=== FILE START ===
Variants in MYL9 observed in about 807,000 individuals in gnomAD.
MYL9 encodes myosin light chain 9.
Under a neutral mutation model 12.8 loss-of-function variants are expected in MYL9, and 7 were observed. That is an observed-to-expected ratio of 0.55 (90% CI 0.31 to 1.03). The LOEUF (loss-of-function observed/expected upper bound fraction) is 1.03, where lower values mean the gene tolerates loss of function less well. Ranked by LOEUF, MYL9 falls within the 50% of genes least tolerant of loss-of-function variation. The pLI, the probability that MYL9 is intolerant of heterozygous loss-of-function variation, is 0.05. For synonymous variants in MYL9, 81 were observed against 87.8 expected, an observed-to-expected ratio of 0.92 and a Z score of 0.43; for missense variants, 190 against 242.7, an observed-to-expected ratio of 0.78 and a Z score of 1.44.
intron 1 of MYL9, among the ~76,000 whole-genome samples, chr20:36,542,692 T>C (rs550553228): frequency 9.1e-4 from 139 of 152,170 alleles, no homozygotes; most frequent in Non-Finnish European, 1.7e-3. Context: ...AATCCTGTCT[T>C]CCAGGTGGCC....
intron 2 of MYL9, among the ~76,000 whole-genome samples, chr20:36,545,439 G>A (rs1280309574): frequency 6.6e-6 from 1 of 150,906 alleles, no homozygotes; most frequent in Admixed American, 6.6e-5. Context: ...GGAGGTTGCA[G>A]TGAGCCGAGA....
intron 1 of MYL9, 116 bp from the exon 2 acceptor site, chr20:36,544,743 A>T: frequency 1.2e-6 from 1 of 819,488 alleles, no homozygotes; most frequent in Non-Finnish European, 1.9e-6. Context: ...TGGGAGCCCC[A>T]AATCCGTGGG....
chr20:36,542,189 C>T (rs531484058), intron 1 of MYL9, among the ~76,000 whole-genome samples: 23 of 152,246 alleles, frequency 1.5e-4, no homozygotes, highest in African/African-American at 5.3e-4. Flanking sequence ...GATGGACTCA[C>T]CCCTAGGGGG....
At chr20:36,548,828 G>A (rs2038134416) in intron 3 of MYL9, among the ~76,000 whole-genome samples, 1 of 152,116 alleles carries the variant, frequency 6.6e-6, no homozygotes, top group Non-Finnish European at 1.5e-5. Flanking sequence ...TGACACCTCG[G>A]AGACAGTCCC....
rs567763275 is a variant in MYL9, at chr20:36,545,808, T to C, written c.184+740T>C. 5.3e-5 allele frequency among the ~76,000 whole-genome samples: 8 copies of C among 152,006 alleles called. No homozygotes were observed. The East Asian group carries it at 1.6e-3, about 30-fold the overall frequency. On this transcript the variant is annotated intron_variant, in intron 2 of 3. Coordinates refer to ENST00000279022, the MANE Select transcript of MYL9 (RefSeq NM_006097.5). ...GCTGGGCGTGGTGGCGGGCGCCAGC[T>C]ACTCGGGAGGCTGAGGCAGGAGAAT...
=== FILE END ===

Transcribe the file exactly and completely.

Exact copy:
Variants in MYL9 observed in about 807,000 individuals in gnomAD.
MYL9 encodes myosin light chain 9.
Under a neutral mutation model 12.8 loss-of-function variants are expected in MYL9, and 7 were observed. That is an observed-to-expected ratio of 0.55 (90% CI 0.31 to 1.03). The LOEUF (loss-of-function observed/expected upper bound fraction) is 1.03, where lower values mean the gene tolerates loss of function less well. Ranked by LOEUF, MYL9 falls within the 50% of genes least tolerant of loss-of-function variation. The pLI, the probability that MYL9 is intolerant of heterozygous loss-of-function variation, is 0.05. For synonymous variants in MYL9, 81 were observed against 87.8 expected, an observed-to-expected ratio of 0.92 and a Z score of 0.43; for missense variants, 190 against 242.7, an observed-to-expected ratio of 0.78 and a Z score of 1.44.
intron 1 of MYL9, among the ~76,000 whole-genome samples, chr20:36,542,692 T>C (rs550553228): frequency 9.1e-4 from 139 of 152,170 alleles, no homozygotes; most frequent in Non-Finnish European, 1.7e-3. Context: ...AATCCTGTCT[T>C]CCAGGTGGCC....
intron 2 of MYL9, among the ~76,000 whole-genome samples, chr20:36,545,439 G>A (rs1280309574): frequency 6.6e-6 from 1 of 150,906 alleles, no homozygotes; most frequent in Admixed American, 6.6e-5. Context: ...GGAGGTTGCA[G>A]TGAGCCGAGA....
intron 1 of MYL9, 116 bp from the exon 2 acceptor site, chr20:36,544,743 A>T: frequency 1.2e-6 from 1 of 819,488 alleles, no homozygotes; most frequent in Non-Finnish European, 1.9e-6. Context: ...TGGGAGCCCC[A>T]AATCCGTGGG....
chr20:36,542,189 C>T (rs531484058), intron 1 of MYL9, among the ~76,000 whole-genome samples: 23 of 152,246 alleles, frequency 1.5e-4, no homozygotes, highest in African/African-American at 5.3e-4. Flanking sequence ...GATGGACTCA[C>T]CCCTAGGGGG....
At chr20:36,548,828 G>A (rs2038134416) in intron 3 of MYL9, among the ~76,000 whole-genome samples, 1 of 152,116 alleles carries the variant, frequency 6.6e-6, no homozygotes, top group Non-Finnish European at 1.5e-5. Flanking sequence ...TGACACCTCG[G>A]AGACAGTCCC....
rs567763275 is a variant in MYL9, at chr20:36,545,808, T to C, written c.184+740T>C. 5.3e-5 allele frequency among the ~76,000 whole-genome samples: 8 copies of C among 152,006 alleles called. No homozygotes were observed. The East Asian group carries it at 1.6e-3, about 30-fold the overall frequency. On this transcript the variant is annotated intron_variant, in intron 2 of 3. Coordinates refer to ENST00000279022, the MANE Select transcript of MYL9 (RefSeq NM_006097.5). ...GCTGGGCGTGGTGGCGGGCGCCAGC[T>C]ACTCGGGAGGCTGAGGCAGGAGAAT...